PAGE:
USUALLY ARE NOT Would Provide Electricity?

Any snake essential oil salesman worth their salt will tell you that to be able to sell something, you first have to make people believe they have a nagging problem and then you sell them the answer. July 19th story Therefore I browse the Sun Sentinel, “Opening electricity market may lower power bills in Florida. But it’d break up the system as we realize it,” with interest, as the complex subject and history of electricity deregulation is one that will affect all Floridians. Each and every electricity customer in Florida deserve to totally understand the impact that dismantling and deregulating Florida’s existing electricity system could have on our state, their communities and, most of all, their wallets.

There’s a reason no condition has deregulated its electricity market in nearly two decades, and just why 10 state governments that chose to deregulate their electricity market have since reversed course and six more are considering re-regulating. There’s a reason why no condition has deregulated its electricity market through a constitutional ballot initiative ever, as is being suggested in Florida, and just why voters in Nevada overwhelmingly rejected a similar constitutional proposal last November.

The reason is, deregulating electricity marketplaces doesn’t work for the party that matters most – home customers. Today, FPL residential customers pay, typically, nearly 20% significantly less than home customers in Texas, a June 2019 record from the Federal Energy Information Administration according to, an independent Federal government entity. In fact, FPL customers presently pay less than each and every deregulated market in the United States.

Call me foolish, but I’ve always thought keeping more money inside our customers’ pockets is an excellent thing for them and our state’s overall economy. So who would provide electricity? Your guess is really as good as mine, but I could let you know this proposal would prohibit FPL or any other investor-owned tool from providing you. And who would set the price you pay? Retail electric providers, most of whom have never done business in Florida.

Under this new system, any number of companies you’ve never heard about could provide you with all sorts of deals to be able to get your business. Since deregulation began in Texas, its Public Utilities Commission has received more than 100,000 consumer complaints and lawyer generals across the U.S. 30.6 million and is working to rid her condition of electric retail choice positively.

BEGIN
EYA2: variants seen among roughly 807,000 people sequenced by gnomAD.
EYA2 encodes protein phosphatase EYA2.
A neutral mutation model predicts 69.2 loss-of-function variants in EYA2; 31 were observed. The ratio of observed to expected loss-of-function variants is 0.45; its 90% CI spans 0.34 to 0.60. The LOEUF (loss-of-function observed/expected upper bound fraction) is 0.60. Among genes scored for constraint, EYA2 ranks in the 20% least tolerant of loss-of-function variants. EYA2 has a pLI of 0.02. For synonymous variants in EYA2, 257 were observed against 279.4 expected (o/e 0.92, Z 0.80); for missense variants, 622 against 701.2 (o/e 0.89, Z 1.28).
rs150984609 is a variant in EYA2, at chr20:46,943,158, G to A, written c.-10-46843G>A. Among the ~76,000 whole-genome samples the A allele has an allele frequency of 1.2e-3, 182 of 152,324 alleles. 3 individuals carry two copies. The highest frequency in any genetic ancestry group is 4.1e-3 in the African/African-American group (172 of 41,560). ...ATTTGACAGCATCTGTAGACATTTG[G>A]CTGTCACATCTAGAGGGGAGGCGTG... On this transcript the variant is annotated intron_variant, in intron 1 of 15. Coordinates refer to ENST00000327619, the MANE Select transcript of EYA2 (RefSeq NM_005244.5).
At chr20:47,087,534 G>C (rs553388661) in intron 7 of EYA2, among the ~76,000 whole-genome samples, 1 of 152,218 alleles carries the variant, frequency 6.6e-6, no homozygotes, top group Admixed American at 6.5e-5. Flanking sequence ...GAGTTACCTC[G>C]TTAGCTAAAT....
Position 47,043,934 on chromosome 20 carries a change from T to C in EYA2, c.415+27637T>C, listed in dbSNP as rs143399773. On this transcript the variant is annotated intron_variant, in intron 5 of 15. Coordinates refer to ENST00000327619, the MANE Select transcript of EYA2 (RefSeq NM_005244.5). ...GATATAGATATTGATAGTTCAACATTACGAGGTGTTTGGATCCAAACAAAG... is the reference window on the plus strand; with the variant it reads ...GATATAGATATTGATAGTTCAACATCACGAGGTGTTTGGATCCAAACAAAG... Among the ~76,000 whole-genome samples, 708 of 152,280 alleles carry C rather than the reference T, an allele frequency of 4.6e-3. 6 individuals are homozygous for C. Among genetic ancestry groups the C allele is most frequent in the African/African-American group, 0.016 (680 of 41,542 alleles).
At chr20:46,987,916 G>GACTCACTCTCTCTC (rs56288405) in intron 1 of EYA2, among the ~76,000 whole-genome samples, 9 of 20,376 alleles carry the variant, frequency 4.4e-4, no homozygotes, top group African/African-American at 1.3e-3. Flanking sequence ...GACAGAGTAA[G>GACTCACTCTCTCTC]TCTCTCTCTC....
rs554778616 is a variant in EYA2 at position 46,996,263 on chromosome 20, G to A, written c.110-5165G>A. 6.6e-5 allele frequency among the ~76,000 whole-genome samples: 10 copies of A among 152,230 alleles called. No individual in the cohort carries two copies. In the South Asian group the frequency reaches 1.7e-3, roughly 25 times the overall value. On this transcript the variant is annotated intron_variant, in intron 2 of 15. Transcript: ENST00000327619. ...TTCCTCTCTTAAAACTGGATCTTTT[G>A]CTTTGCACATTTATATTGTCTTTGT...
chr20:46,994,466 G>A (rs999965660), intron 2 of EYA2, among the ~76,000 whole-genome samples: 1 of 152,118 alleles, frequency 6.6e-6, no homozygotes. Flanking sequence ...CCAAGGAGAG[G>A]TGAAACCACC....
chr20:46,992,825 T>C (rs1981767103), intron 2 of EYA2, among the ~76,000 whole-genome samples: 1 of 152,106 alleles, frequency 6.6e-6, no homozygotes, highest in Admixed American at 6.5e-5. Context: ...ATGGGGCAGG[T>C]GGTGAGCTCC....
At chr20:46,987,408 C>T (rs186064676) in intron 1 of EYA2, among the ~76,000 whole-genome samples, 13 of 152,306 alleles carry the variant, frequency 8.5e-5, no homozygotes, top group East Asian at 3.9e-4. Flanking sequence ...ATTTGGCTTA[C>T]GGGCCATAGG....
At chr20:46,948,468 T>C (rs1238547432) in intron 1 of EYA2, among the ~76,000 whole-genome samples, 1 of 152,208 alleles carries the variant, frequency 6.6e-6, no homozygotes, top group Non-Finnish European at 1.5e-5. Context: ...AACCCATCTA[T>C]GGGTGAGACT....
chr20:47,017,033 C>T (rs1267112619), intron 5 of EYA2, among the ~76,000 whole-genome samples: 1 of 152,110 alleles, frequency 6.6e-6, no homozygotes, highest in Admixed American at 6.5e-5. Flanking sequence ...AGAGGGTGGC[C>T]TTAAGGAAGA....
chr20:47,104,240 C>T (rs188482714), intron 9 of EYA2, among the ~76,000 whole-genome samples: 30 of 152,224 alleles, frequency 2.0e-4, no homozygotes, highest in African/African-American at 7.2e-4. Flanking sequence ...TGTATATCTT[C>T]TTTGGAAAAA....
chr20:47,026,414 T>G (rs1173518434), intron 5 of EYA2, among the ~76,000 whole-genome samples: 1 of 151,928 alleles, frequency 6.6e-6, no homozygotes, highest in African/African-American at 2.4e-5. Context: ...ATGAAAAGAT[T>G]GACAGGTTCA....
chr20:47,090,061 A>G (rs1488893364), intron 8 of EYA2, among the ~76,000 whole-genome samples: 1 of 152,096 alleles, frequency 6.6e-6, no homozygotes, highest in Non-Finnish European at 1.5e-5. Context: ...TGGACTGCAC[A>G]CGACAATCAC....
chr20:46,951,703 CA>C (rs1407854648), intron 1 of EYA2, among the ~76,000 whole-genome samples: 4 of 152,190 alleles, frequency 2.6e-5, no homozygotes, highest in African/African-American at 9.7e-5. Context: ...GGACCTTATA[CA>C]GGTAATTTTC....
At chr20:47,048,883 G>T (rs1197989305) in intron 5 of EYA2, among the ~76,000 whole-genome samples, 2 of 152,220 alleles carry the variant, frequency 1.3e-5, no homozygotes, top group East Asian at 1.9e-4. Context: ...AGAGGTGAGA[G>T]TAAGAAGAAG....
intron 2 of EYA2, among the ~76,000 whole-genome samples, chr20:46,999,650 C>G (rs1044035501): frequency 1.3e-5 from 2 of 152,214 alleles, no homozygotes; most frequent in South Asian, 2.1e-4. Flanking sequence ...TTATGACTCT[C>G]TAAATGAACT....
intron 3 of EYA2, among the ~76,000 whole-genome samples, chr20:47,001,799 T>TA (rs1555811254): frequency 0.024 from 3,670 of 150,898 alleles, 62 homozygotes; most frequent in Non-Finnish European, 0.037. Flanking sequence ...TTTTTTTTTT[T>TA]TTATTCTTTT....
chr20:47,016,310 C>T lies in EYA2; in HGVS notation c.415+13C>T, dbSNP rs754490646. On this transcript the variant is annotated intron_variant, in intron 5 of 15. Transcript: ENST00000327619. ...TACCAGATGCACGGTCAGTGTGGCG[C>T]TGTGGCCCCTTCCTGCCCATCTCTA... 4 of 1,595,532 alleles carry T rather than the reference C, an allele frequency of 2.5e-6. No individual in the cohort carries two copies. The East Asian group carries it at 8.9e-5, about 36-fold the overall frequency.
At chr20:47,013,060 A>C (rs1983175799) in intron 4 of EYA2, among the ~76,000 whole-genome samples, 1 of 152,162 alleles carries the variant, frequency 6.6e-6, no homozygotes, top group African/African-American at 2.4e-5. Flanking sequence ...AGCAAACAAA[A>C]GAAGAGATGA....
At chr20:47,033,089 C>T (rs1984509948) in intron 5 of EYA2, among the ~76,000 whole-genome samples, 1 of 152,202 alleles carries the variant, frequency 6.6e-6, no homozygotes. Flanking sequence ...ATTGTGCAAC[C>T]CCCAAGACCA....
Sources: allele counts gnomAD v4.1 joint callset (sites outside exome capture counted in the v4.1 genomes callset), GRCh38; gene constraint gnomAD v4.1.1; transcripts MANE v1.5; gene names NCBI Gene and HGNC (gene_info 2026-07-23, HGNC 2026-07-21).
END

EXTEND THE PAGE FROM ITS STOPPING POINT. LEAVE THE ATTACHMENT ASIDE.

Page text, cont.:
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Or ask the attorney generals of NY, Illinois or New Mexico, who have taken similar actions in their states. In Florida, with our sizable retiree inhabitants, do you consider it’s possible that intense, even misleading sales strategies would happen within a deregulated environment? Living in Florida does mean having to deal with severe weather and hurricanes.

In a deregulated market where investor-owned utilities are not permitted to own any facilities, who will repair and repair the system after a hurricane? The answer is unclear. Presumably whomever has a power place (it can’t be FPL) would quickly fix it and some other company might repair the transmission lines and another the distribution system. If you’ve ever lived through a significant hurricane, you know the last thing you want after a surprise is the dilemma about who is responsible for getting the lighting back again on.

Punishing local officials for imposing difficult gun rules is incorrect and callous. It was proved by us in the courtroom. Lastly, deregulating Florida’s electricity market threatens our state’s tremendous clean energy progress. Today, FPL is building more solar than anyone in America. Yr Florida installed more solar than any condition except California Last, this season which installed a measly 5 MW more and FPL is on the right track to develop more, than anyone. If the amendment goes by, all that solar development shall stop – cool.

Because FPL won’t be permitted to own solar power plants and if we can’t bought it or sell the power to customers, we won’t build it. That’s why a number of environmental organizations, like the Southern Alliance for Clean Energy, Audubon Florida, and The Nature Conservancy, do not support this amendment.

Access to affordable and reliable electricity is critical to the success of our condition. Today, FPL customers enjoy rates that are almost 30% below the nationwide average and dependability that are the best in us. Our grid is the most powerful and smartest in the country and Florida is on track to being a global innovator in producing solar technology.

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